PMCID: PMC3254168  PMID: 22291652
aquaporin 4; shark; dogfish; kidney; liver; rectal gland; gill; cardiac stomach
21.  Plasticity of both planar cell polarity and cell identity during the development of Drosophila 
eLife  2014;3:e01569.
Drosophila has helped us understand the genetic mechanisms of pattern formation. Particularly useful have been those organs in which different cell identities and polarities are displayed cell by cell in the cuticle and epidermis (Lawrence, 1992; Bejsovec and Wieschaus, 1993; Freeman, 1997). Here we use the pattern of larval denticles and muscle attachments and ask how this pattern is maintained and renewed over the larval moult cycles. During larval growth each epidermal cell increases manyfold in size but neither divides nor dies. We follow individuals from moult to moult, tracking marked cells and find that, as cells are repositioned and alter their neighbours, their identities change to compensate and the pattern is conserved. Single cells adopting a new fate may even acquire a new polarity: an identified cell that makes a forward-pointing denticle in the first larval stage may make a backward-pointing denticle in the second and third larval stages.
eLife digest
Fly larvae grow in an unusual way. Most embryos grow by increasing the number of cells in the embryo, but fly larvae grow by increasing the size of their cells. The epidermal cells in the growing larvae secrete a hard skin or cuticle that is renewed three times as they grow. This cuticle is decorated with teeth called denticles that the larvae use to grip surfaces as they crawl on them. The denticles are arranged in six rows during all three larval stages.
It has long been assumed that if a cell in the first larval stage makes the denticles belonging to a given row, then the same cell will make denticles in the same row in the second and third larval stages. Now Saavedra et al. report that this assumption is mistaken and that the epidermal cells rearrange extensively between the first and second larval stages, and that cells acquire different identities to keep the pattern constant.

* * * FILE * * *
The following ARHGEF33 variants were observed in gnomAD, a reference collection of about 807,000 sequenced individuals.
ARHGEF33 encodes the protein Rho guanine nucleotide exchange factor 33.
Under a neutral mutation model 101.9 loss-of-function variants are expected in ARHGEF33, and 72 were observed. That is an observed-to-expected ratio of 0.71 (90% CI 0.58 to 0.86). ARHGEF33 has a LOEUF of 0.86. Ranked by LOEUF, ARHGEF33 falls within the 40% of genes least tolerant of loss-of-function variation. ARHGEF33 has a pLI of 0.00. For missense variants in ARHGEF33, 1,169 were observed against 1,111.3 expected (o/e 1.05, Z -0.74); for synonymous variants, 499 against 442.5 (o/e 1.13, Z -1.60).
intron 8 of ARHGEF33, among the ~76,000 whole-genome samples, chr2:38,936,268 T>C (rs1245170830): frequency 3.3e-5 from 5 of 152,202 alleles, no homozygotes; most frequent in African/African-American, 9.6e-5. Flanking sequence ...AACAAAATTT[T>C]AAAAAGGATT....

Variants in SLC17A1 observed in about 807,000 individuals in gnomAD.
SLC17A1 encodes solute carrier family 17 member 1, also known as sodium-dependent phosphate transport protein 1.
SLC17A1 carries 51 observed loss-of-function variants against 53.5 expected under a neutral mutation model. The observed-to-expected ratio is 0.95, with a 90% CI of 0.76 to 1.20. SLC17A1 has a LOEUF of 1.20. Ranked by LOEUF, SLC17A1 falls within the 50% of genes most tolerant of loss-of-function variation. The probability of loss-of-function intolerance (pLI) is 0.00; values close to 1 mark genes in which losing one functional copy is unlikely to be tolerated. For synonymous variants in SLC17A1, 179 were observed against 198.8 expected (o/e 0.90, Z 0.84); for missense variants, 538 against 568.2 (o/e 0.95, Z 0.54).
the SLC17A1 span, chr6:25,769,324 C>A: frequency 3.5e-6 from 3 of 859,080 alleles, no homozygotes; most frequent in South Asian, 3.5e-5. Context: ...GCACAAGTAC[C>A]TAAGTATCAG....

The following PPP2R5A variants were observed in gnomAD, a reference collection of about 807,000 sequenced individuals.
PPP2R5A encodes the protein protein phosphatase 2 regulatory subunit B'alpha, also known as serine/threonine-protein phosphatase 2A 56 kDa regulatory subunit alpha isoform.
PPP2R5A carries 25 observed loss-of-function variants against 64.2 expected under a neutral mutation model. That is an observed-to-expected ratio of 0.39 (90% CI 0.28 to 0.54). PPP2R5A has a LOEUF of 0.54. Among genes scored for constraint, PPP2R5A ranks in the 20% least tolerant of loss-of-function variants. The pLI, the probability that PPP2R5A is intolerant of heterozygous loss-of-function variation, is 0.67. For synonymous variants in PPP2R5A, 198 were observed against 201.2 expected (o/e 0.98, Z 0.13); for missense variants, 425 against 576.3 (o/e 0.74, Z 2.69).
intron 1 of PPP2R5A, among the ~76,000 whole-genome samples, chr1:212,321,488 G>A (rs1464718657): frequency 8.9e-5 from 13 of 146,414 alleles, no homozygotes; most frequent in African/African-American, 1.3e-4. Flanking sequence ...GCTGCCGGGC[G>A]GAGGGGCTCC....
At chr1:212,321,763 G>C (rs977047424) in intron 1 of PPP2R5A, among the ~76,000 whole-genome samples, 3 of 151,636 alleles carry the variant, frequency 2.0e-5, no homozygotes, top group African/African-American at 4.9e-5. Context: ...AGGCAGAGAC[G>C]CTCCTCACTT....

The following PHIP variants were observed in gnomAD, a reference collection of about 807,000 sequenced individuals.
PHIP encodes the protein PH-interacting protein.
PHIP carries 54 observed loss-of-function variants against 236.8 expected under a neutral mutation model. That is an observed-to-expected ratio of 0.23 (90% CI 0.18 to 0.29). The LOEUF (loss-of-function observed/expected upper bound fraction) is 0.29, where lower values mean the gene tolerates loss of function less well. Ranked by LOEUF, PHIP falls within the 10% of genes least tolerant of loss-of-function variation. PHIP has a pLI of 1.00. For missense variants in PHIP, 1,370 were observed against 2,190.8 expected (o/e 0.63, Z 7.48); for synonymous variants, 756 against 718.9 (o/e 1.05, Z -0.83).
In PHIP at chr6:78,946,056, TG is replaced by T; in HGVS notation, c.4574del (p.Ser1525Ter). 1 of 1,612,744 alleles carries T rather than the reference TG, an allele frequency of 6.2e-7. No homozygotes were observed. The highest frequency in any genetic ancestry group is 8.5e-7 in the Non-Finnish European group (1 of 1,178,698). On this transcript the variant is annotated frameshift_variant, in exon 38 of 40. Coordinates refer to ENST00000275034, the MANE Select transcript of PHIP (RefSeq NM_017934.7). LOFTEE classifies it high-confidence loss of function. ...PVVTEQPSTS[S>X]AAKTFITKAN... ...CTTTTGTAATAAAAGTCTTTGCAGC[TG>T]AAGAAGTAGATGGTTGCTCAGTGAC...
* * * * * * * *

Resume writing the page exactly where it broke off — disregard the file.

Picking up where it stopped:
Saavedra et al. marked small groups of cells in the embryo and plotted the positions of these cells as the larvae progressed through the three stages of development. These measurements showed that as the larvae grow, the cells changed their positions relative to each other. This meant that, in order to keep essentially the same pattern of denticle rows, the cells had to change their identity.
Some of these changes were quite dramatic. Consider, for example, the embryonic cells that make the denticles in the second of the six rows during the first larval stage. In the embryo, these cells are tendons and attach to the muscles needed for crawling. Saavedra et al. found that these cells remain attached to the same muscles throughout growth, but that they do not make denticles during the second and third larval stages. Instead, the denticles in the second row of later larval stages are made by other cells, and these new second row cells are not attached to any muscles. In another example of these changes, some cells make denticles that point away from the head during the first larval stage, and then make denticles that point towards the head during later stages. Thus, cells can change both their identity (e.g., whether they are attached to muscles or not) and their orientation (also known as the cell polarity) during the development of a larva.
The work of Saavedra et al. illustrates how organisms adapt developmental mechanisms that have been stabilised for millions of years and for this reason limit the kinds of morphological changes that are possible.
PMCID: PMC3918708  PMID: 24520160
planar cell polarity; pattern; denticles; convergent extension; Drosophila; D. melanogaster
22.  Uptake and survival of enteric viruses in the blue crab, Callinectes sapidus.